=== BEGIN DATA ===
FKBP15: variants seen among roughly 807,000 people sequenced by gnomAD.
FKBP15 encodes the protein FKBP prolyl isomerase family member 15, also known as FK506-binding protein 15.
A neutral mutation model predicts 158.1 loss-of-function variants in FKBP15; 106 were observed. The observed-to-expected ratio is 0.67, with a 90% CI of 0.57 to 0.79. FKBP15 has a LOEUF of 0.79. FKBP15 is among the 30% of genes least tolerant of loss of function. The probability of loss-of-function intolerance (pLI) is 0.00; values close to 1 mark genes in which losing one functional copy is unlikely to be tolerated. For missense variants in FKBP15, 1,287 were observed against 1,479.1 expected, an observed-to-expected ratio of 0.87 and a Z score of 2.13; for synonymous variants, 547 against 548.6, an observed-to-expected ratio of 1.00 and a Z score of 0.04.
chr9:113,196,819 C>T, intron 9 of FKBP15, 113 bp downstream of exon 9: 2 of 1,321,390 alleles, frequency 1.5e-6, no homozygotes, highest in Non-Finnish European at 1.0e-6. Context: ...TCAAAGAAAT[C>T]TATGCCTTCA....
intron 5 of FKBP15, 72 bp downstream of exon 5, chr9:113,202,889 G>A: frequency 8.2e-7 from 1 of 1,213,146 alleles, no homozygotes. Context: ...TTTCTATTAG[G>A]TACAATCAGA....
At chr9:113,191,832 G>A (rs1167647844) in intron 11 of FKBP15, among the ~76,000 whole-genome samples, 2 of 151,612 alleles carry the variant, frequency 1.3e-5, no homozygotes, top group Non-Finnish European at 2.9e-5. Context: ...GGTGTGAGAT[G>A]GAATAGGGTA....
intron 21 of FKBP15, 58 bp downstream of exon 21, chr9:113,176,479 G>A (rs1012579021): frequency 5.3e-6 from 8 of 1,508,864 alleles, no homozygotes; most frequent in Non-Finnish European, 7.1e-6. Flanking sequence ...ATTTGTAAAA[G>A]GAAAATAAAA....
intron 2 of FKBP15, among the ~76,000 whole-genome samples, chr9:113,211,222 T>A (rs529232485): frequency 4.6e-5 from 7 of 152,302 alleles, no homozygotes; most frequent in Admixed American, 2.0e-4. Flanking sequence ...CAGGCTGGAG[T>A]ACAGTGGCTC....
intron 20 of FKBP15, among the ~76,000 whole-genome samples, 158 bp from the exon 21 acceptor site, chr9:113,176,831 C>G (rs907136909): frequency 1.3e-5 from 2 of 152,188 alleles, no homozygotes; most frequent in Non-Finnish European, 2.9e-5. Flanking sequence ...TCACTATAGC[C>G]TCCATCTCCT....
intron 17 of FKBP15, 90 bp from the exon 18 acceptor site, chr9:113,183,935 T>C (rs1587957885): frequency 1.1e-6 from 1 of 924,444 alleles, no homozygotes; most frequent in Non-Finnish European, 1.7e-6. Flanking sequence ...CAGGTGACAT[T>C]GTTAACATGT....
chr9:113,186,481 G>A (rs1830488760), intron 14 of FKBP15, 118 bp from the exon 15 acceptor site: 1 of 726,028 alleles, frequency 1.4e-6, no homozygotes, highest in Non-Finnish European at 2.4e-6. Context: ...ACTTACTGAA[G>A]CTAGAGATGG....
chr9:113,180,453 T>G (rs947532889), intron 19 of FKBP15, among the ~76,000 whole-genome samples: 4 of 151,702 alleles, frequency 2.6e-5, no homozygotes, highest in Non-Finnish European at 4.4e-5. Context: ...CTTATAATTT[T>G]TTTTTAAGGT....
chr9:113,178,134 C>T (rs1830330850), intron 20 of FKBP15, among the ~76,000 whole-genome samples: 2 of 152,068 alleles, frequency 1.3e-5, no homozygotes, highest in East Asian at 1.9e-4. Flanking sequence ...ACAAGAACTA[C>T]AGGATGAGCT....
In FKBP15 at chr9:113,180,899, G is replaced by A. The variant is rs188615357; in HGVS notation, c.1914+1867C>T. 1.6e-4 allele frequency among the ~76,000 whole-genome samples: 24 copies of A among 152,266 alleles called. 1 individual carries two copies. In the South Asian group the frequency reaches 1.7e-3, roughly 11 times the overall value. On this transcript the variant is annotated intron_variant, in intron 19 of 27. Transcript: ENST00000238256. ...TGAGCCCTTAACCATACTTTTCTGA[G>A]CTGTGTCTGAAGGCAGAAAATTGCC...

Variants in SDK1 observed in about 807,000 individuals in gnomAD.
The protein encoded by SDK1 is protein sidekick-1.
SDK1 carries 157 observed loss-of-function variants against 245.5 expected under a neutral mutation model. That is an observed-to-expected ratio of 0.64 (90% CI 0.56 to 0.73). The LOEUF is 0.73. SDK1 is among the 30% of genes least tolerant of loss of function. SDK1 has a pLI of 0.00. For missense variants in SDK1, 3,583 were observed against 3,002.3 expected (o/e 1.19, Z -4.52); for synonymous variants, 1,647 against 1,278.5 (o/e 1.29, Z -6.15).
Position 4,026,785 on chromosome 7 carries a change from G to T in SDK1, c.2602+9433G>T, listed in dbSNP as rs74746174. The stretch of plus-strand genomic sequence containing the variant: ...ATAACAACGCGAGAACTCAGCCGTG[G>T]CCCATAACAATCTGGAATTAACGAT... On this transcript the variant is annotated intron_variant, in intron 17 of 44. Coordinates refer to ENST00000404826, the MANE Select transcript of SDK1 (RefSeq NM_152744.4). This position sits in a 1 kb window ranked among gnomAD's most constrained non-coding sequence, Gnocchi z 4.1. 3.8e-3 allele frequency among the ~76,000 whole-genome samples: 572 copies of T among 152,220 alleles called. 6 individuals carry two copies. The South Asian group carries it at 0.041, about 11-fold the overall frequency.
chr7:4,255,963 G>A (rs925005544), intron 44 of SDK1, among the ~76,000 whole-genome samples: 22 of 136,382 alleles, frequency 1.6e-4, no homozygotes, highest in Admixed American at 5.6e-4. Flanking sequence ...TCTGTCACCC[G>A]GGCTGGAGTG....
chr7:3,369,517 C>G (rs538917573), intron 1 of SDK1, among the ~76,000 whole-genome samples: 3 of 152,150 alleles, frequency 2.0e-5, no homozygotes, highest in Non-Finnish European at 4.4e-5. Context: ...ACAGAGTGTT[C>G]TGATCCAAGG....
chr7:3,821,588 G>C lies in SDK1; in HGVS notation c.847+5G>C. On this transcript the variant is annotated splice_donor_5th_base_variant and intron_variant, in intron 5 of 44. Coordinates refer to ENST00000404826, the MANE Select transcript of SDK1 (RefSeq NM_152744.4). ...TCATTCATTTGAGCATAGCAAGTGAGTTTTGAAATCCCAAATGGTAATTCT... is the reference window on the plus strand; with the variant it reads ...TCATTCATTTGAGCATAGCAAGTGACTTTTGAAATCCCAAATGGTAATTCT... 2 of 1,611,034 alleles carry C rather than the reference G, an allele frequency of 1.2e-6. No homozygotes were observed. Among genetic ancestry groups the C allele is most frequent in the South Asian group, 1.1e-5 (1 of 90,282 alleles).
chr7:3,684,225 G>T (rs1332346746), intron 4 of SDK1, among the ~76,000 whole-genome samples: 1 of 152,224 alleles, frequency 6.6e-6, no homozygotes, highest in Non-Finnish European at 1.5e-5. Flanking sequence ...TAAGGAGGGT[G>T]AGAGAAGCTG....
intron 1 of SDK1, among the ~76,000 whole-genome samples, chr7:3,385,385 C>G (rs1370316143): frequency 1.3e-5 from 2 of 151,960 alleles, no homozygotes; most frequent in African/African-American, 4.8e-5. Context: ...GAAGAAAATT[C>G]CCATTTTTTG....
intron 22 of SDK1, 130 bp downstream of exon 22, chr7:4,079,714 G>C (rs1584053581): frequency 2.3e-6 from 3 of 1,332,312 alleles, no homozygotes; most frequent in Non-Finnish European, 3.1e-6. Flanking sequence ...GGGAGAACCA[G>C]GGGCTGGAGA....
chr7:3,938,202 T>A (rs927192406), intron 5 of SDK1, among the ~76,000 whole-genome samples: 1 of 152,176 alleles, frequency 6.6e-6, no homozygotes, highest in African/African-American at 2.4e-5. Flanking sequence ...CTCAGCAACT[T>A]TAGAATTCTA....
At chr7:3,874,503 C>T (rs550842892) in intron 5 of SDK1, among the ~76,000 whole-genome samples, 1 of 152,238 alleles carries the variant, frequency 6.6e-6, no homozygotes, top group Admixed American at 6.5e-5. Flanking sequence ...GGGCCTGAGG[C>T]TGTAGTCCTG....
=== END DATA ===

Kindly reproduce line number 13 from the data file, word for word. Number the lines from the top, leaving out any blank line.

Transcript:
chr9:113,178,134 C>T (rs1830330850), intron 20 of FKBP15, among the ~76,000 whole-genome samples: 2 of 152,068 alleles, frequency 1.3e-5, no homozygotes, highest in East Asian at 1.9e-4. Flanking sequence ...ACAAGAACTA[C>T]AGGATGAGCT....